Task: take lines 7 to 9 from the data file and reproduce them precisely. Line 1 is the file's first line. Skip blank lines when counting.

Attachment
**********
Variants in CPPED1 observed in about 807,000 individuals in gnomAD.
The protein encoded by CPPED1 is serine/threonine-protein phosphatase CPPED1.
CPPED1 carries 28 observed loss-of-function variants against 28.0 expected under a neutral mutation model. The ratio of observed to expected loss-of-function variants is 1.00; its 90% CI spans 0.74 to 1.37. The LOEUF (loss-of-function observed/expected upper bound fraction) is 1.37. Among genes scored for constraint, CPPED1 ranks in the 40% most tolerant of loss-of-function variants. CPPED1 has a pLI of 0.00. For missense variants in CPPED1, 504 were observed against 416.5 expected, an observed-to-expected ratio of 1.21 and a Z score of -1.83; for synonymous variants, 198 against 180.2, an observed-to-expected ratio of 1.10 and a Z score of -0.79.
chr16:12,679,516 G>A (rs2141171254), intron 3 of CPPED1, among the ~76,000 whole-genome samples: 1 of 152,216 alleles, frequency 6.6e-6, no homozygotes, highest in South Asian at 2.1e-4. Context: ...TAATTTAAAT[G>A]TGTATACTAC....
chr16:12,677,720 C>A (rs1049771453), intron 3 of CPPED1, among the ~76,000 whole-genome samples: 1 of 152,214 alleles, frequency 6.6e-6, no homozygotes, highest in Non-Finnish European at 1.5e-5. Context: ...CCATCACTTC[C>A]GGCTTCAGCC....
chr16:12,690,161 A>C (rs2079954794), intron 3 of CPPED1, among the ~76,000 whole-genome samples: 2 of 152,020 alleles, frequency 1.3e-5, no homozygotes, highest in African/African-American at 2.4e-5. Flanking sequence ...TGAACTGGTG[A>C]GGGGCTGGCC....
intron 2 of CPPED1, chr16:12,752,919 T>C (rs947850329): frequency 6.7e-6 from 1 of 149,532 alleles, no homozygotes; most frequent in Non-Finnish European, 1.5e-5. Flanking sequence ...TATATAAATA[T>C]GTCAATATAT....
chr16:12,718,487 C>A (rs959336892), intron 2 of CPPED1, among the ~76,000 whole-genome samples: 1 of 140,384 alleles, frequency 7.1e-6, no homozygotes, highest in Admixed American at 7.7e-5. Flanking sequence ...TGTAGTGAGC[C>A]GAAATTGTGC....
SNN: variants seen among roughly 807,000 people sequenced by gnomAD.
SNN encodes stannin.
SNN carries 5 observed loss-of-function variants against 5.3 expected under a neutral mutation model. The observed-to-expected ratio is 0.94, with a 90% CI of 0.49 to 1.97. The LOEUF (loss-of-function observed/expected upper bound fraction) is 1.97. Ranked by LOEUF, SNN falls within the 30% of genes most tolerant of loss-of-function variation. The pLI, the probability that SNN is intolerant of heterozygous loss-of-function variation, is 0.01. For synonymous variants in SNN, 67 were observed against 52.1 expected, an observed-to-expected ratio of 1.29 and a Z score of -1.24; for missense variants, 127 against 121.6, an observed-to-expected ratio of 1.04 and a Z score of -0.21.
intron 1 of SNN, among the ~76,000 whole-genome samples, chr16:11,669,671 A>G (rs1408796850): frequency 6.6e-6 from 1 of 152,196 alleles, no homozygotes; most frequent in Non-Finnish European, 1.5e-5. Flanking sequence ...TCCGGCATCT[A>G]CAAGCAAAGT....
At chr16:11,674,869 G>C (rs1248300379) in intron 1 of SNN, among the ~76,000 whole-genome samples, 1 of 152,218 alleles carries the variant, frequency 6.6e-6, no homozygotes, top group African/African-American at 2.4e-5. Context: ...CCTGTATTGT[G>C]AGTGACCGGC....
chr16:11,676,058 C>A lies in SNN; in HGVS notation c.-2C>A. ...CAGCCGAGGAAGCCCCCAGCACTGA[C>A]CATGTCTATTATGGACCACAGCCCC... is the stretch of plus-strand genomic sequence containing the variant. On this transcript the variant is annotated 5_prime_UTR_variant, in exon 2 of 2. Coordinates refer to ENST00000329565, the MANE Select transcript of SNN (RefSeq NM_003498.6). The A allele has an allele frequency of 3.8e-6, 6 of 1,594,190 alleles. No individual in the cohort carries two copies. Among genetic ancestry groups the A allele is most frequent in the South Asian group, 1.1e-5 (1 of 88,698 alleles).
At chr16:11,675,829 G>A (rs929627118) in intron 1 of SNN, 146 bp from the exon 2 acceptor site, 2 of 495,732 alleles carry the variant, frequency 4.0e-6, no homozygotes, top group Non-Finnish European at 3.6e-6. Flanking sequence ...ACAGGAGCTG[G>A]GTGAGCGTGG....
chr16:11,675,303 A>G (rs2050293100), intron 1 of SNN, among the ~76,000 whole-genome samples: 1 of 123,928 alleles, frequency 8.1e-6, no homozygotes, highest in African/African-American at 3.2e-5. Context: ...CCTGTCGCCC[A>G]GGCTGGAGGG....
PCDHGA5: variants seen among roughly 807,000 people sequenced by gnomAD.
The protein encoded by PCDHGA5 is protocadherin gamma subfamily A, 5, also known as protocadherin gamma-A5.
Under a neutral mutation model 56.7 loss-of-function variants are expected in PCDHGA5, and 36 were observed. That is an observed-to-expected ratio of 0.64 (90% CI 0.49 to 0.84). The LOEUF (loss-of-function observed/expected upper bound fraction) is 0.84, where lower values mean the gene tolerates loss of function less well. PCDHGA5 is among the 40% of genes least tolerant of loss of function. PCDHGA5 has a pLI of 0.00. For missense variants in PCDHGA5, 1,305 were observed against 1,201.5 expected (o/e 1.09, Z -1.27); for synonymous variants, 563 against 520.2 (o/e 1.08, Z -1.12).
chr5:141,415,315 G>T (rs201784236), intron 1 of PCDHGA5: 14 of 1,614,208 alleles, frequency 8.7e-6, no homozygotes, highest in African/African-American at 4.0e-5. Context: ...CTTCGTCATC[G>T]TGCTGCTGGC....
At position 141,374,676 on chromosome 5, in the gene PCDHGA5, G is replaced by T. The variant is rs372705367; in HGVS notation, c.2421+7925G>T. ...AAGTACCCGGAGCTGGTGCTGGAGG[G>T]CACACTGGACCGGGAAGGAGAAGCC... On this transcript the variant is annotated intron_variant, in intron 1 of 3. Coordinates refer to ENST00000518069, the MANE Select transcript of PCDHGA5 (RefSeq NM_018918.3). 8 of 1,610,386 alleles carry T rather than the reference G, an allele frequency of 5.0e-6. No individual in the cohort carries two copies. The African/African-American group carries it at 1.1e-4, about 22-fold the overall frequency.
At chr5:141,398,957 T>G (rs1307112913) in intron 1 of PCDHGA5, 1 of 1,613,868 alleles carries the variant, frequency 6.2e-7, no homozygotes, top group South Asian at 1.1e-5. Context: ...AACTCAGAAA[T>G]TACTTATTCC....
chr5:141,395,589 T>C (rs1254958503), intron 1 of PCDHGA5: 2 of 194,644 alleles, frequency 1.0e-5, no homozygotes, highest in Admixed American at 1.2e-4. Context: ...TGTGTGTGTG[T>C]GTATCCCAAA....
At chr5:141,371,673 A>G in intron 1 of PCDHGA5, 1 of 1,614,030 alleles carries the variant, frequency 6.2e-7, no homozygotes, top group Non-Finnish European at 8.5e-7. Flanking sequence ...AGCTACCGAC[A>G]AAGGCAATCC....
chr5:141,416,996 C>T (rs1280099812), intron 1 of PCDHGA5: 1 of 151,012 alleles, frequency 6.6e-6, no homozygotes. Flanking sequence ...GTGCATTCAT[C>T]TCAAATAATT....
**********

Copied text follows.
intron 2 of CPPED1, chr16:12,752,919 T>C (rs947850329): frequency 6.7e-6 from 1 of 149,532 alleles, no homozygotes; most frequent in Non-Finnish European, 1.5e-5. Flanking sequence ...TATATAAATA[T>C]GTCAATATAT....
chr16:12,718,487 C>A (rs959336892), intron 2 of CPPED1, among the ~76,000 whole-genome samples: 1 of 140,384 alleles, frequency 7.1e-6, no homozygotes, highest in Admixed American at 7.7e-5. Flanking sequence ...TGTAGTGAGC[C>A]GAAATTGTGC....
SNN: variants seen among roughly 807,000 people sequenced by gnomAD.